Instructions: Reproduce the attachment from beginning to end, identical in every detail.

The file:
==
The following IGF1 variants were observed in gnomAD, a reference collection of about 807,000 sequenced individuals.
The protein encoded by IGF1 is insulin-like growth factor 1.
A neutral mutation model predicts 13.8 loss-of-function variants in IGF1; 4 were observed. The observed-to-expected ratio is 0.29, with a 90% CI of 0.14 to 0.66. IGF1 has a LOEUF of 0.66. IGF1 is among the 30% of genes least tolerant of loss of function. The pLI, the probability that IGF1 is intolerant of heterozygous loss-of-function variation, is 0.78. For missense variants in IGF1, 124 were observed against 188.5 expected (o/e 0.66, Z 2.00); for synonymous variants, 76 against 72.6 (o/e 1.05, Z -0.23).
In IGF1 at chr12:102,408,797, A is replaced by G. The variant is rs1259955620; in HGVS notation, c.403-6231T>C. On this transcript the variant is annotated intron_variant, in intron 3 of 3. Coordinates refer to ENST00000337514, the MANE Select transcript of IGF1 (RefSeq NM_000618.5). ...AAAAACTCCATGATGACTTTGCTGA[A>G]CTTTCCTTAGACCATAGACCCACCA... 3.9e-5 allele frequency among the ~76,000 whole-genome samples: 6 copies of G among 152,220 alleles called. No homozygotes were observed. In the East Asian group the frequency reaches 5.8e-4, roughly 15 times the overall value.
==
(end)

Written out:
The following IGF1 variants were observed in gnomAD, a reference collection of about 807,000 sequenced individuals.
The protein encoded by IGF1 is insulin-like growth factor 1.
A neutral mutation model predicts 13.8 loss-of-function variants in IGF1; 4 were observed. The observed-to-expected ratio is 0.29, with a 90% CI of 0.14 to 0.66. IGF1 has a LOEUF of 0.66. IGF1 is among the 30% of genes least tolerant of loss of function. The pLI, the probability that IGF1 is intolerant of heterozygous loss-of-function variation, is 0.78. For missense variants in IGF1, 124 were observed against 188.5 expected (o/e 0.66, Z 2.00); for synonymous variants, 76 against 72.6 (o/e 1.05, Z -0.23).
In IGF1 at chr12:102,408,797, A is replaced by G. The variant is rs1259955620; in HGVS notation, c.403-6231T>C. On this transcript the variant is annotated intron_variant, in intron 3 of 3. Coordinates refer to ENST00000337514, the MANE Select transcript of IGF1 (RefSeq NM_000618.5). ...AAAAACTCCATGATGACTTTGCTGA[A>G]CTTTCCTTAGACCATAGACCCACCA... 3.9e-5 allele frequency among the ~76,000 whole-genome samples: 6 copies of G among 152,220 alleles called. No homozygotes were observed. In the East Asian group the frequency reaches 5.8e-4, roughly 15 times the overall value.